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He will expand on this in his virtual presentation to ECR, “PET as part of the biomarker toolbox for early clinical diagnosis of Alzheimer's disease” on July 16. Key objectives of the broader session, under the title of “Alzheimer's disease and neurodegeneration: visualising the invisible”, are to appreciate that dementia is more than Alzheimer's, understand that neurodegenerative diseases are overlapping and may co-exist, and to acknowledge the need for early and specific detection of cognitive decline for future clinical trials.
Speaking to Healthcare in Europe ahead of ECR, Professor Arbizu specifically outlined how he will discuss the different radiotracers available to evaluate the specific processes involved in the neurodegenerative conditions found in dementia; throw light on the benefit of PET molecular imaging in the diagnostic workup of Alzheimer's disease (AD); and help delegates to appreciate the role of different PET and SPECT techniques in the differential diagnosis of neurodegenerative disorders.
Professor Arbizu, who is also Consultant at the Nuclear Medicine Department of the Clinica Universidad de Navarra in Pamplona, said: “The two pathological hallmarks of Alzheimer's disease can currently be seen in vivo using different radiotracers. On the one hand, amyloid plaques start accumulating in the brain of the patient years before the onset of clinical symptoms, and later on tau neurofibrillary tangles spread in the brain just before the cognitive complains. In addition, we can obtain tomographic images of the neuronal dysfunction or neurodegeneration using 18F-Fluorodeoxyglucose (FDG-PET), as well as presynaptic dopaminergic system, which are affected in other conditions. Interestingly, all these processes involved in dementing neurodegenerative conditions appear before structural abnormalities like atrophy can be observed.”
The main benefit of PET molecular imaging in the diagnostic workup of Alzheimer's disease, he continued, is to help clinicians (neurologists, psychiatrists or geriatricians) to define the aetiological diagnosis at the early stages of neurodegenerative diseases, particularly when clinical diagnosis using the standard tools is uncertain. He also pointed to the National Institute of Aging-Alzheimer’s Association NIA-AA 2018 research framework for AD, which proposed a biological definition of AD based on the presence of amyloid and tau biomarkers, with cognitive symptoms and neurodegeneration biomarkers (FDG-PET) used to stage severity.
The role of different PET and SPECT techniques in the differential diagnosis of neurodegenerative disorders can be defined and influenced by the patient’s clinical profile and the specific uncertainty of the clinician. Professor Arbizu explained: “When AD is the suspected clinical diagnosis, amyloid imaging will be the first option to rule-out AD and provide specific information of the underlying pathology. However, when other than AD conditions are also suspected probably FDG-PET or even tau-PET will be more useful at the beginning of the diagnostic workup. When the cognitive decline is associated with a parkinsonian syndrome, molecular imaging of presynaptic dopaminergic system can help to rule out AD.”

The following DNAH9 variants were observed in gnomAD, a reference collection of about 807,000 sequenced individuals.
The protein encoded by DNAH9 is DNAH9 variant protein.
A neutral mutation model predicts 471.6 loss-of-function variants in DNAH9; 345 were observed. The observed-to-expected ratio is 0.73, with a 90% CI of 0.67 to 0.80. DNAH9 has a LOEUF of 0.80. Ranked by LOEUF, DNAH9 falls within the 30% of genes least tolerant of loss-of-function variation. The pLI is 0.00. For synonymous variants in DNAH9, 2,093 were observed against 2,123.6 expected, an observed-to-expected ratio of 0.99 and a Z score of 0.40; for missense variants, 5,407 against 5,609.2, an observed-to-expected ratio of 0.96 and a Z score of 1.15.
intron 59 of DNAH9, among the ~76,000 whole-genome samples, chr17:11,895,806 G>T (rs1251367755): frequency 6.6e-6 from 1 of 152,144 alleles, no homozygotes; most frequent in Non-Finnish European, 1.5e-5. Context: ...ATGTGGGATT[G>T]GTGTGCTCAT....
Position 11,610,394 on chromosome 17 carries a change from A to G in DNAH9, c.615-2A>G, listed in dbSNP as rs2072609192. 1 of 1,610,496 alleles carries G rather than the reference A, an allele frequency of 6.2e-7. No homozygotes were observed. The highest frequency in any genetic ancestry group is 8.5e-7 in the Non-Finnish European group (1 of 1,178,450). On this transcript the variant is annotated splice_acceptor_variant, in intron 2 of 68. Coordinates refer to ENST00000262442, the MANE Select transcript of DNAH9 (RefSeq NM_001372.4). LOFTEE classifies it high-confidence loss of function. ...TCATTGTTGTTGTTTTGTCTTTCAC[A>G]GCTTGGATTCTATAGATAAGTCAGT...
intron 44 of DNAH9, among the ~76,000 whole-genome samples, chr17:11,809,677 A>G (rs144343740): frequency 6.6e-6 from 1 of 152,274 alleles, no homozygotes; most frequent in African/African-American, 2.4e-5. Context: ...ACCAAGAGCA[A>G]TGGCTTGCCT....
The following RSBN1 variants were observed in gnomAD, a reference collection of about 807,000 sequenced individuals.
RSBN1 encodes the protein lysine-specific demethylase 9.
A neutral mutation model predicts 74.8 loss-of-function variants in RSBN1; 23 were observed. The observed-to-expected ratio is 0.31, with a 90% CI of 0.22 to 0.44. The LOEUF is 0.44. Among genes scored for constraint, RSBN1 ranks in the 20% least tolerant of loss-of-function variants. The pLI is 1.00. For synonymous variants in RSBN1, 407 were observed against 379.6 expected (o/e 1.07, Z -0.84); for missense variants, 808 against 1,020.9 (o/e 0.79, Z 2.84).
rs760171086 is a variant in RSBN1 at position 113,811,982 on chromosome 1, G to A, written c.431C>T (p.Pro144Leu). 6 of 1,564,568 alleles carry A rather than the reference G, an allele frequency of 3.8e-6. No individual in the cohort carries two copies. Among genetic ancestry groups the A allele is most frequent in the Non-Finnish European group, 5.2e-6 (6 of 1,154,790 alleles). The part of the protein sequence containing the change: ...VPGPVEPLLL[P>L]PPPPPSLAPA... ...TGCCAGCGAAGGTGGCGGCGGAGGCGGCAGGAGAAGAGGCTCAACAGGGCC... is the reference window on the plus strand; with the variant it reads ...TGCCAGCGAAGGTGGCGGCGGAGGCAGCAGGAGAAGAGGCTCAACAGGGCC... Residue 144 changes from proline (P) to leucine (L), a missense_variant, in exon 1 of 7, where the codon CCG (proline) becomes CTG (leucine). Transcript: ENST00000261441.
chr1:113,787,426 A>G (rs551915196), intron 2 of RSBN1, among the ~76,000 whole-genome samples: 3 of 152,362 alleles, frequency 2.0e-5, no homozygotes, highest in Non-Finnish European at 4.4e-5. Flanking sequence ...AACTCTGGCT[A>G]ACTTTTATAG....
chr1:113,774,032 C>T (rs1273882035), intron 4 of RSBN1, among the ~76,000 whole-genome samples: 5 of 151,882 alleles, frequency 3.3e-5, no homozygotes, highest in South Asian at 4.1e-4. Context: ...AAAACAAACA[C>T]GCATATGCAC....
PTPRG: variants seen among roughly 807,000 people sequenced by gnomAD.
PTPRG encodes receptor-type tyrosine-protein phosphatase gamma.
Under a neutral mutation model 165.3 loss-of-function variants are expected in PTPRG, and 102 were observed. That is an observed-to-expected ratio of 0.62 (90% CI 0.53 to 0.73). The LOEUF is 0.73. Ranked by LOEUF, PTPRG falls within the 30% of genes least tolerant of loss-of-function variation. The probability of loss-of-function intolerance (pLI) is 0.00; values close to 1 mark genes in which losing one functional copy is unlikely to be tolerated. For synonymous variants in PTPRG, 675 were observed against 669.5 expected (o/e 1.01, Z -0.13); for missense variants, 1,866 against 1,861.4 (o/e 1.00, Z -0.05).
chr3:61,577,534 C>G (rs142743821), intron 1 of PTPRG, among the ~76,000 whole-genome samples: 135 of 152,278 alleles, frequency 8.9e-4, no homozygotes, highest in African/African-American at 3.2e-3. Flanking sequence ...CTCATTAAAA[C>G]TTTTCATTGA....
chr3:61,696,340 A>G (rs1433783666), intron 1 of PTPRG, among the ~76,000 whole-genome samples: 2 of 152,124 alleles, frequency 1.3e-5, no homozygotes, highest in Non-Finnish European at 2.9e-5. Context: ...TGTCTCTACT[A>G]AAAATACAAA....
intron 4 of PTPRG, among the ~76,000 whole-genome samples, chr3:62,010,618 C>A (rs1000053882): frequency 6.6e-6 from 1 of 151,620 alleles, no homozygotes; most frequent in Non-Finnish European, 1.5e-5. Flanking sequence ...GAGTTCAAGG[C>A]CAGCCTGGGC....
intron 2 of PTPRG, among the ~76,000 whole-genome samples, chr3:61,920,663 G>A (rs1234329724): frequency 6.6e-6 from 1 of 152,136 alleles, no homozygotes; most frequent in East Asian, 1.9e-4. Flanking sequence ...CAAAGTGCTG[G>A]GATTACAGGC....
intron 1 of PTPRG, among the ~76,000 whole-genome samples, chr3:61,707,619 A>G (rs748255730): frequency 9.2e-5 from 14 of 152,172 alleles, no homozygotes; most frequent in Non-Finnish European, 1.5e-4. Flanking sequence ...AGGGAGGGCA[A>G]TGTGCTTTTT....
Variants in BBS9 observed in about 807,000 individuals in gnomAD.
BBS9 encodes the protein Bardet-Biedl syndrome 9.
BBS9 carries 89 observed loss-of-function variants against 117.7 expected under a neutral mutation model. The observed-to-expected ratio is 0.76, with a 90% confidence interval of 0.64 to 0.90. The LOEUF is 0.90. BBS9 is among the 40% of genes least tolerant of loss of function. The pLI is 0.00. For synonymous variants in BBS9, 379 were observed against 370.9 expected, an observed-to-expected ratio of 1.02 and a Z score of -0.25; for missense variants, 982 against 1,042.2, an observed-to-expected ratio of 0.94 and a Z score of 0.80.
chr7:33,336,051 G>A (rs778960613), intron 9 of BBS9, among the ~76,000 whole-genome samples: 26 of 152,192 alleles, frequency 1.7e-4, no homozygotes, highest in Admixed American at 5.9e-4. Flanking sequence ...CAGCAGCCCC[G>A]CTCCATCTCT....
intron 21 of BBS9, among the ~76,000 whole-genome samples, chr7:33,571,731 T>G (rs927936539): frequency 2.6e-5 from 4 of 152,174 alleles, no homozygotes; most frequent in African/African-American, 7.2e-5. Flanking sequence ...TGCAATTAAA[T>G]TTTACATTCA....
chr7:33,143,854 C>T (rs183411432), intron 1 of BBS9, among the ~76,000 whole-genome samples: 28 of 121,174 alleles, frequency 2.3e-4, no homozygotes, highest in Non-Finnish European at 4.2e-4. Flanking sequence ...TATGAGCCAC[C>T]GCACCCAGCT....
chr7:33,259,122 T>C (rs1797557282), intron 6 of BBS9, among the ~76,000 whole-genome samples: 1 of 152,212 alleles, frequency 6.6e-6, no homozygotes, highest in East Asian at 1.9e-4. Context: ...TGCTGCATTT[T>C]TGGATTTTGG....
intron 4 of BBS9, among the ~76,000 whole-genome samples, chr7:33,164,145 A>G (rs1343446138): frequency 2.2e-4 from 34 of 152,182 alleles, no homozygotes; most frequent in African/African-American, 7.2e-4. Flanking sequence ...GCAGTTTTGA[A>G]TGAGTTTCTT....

In my opinion, PET molecular imaging is particularly useful in the prodromal stages of the diseases, when only mild symptoms are presentJavier Arbizu
Professor Arbizu believes PET imaging using different biomarkers is increasing in relevance as an important complementary tool in the diagnostic workup of patients with cognitive impairment. “In my opinion,” he added, “PET molecular imaging is particularly useful in the prodromal stages of the diseases, when only mild symptoms are present.” He also noted that while PET molecular imaging is a clinically-available technique using commercialized radiotracers, the development of new PET biomarkers is ongoing, particularly new generation of tau-PET tracers and those related to neuroinflammation and synaptic activity could prove relevant in the understanding of mechanisms involved in dementia.
Key take home message for delegates are that it is feasible to image in vivo specific neuropathological aspects of dementing neurodegenerative conditions by means of nuclear medicine tools; PET biomarkers have improved the understanding of disease pathophysiology of molecular pathologies, as well as their interaction, and their functional consequences; and in the clinical setting, amyloid, tau and FDG-PET combined with structural imaging helps the clinical diagnosis of the main cause of dementia (AD) and its differential diagnosis at the very early stages.
Javier Arbizu is Professor of Radiology and Nuclear Medicine at the Faculty of Medicine at the University of Navarra, and Consultant at the Nuclear Medicine Department of the Clinica Universidad de Navarra in Pamplona, Spain. He is currently involved in different international clinical trials and research projects. He is coordinator of the PET ADDS Consortium (Spanish registry of amyloid PET studies), studying the clinical value of amyloid-PET in the diagnosis of subjects with cognitive impairment and the influence in the treatment prescription; the role of FDG-PET in the prediction of progression to AD dementia in MCI subjects; and FDG-PET patterns in different neurodegenerative parkinsonian syndromes.